Daniel Butterfield (1831-1901), American soldier, was born in Utica, New York. He graduated at Union College in 1849, and when the Civil War broke out he became colonel of the 12th New York militia regiment. On the 14th of May 1861 he was transferred to the regular army as a lieutenant-colonel, and in September he was made a brigadier-general U.S.V. He served in Virginia in 1861 and in the Peninsular campaign of 1862, and was wounded at Games' Mill. He took part in the campaign of second Bull Run (August 1862), and in November became major-general U.S.V. and in July 1863 colonel U.S.A. At Fredericksburg he commanded the V. corps, in which he had served since its formation. After General Hooker succeeded Burnside, Butterfield was appointed chief of staff, Army of the Potomac, and in this capacity he served in the Chancellorsville and Gettysburg campaigns. Not being on good terms with General Meade he left the staff, and was soon afterwards sent as chief of staff to Hooker, with the XI. and XII. corps (later combined as the XX.) to Tennessee, and took part in the battle of Chattanooga (1863), and the Atlanta campaign of the following year, when he commanded a division of the XX. corps. His services were recognized by the brevets of brigadier-general and major-general in the regular army.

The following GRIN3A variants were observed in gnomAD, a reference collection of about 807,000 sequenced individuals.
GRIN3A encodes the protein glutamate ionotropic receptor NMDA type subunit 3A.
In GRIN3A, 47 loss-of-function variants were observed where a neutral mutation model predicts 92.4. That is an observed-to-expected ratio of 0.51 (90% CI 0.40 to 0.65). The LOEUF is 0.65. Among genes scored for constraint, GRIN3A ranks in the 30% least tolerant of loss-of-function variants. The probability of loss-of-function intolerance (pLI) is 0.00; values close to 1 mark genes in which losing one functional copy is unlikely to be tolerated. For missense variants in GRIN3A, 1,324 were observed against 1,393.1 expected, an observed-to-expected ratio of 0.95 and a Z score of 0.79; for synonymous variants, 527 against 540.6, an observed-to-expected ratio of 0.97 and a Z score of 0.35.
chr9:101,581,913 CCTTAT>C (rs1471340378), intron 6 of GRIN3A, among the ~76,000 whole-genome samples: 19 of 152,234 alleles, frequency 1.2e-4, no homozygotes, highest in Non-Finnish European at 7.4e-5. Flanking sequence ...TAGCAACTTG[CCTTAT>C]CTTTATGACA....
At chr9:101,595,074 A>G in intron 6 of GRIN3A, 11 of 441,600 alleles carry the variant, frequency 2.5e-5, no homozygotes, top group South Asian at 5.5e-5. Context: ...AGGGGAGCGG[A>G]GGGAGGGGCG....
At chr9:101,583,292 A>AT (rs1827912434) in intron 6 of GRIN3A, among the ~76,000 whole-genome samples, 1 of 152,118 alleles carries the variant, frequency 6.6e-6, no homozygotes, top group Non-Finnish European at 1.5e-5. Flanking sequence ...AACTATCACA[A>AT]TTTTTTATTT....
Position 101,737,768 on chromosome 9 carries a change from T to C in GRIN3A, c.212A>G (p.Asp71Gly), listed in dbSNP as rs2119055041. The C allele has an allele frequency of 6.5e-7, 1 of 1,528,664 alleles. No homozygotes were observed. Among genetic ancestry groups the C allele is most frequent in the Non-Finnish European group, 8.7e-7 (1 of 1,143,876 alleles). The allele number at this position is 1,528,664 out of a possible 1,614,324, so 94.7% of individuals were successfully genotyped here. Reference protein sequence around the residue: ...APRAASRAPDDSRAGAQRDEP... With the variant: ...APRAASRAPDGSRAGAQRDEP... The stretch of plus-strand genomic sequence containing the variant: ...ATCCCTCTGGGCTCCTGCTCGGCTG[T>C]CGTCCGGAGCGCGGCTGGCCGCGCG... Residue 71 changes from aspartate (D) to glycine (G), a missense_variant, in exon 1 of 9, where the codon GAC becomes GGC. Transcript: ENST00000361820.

He resigned in 1870, and for the rest of his life was engaged in civil and commercial pursuits. In 1862 he wrote a manual of Camp and Outpost Duty (New York, 1862). General Butterfield died at Cold Spring, N.Y., on the 17th of July 1901.
A Biographical Memorial, by his widow, was published in 1904.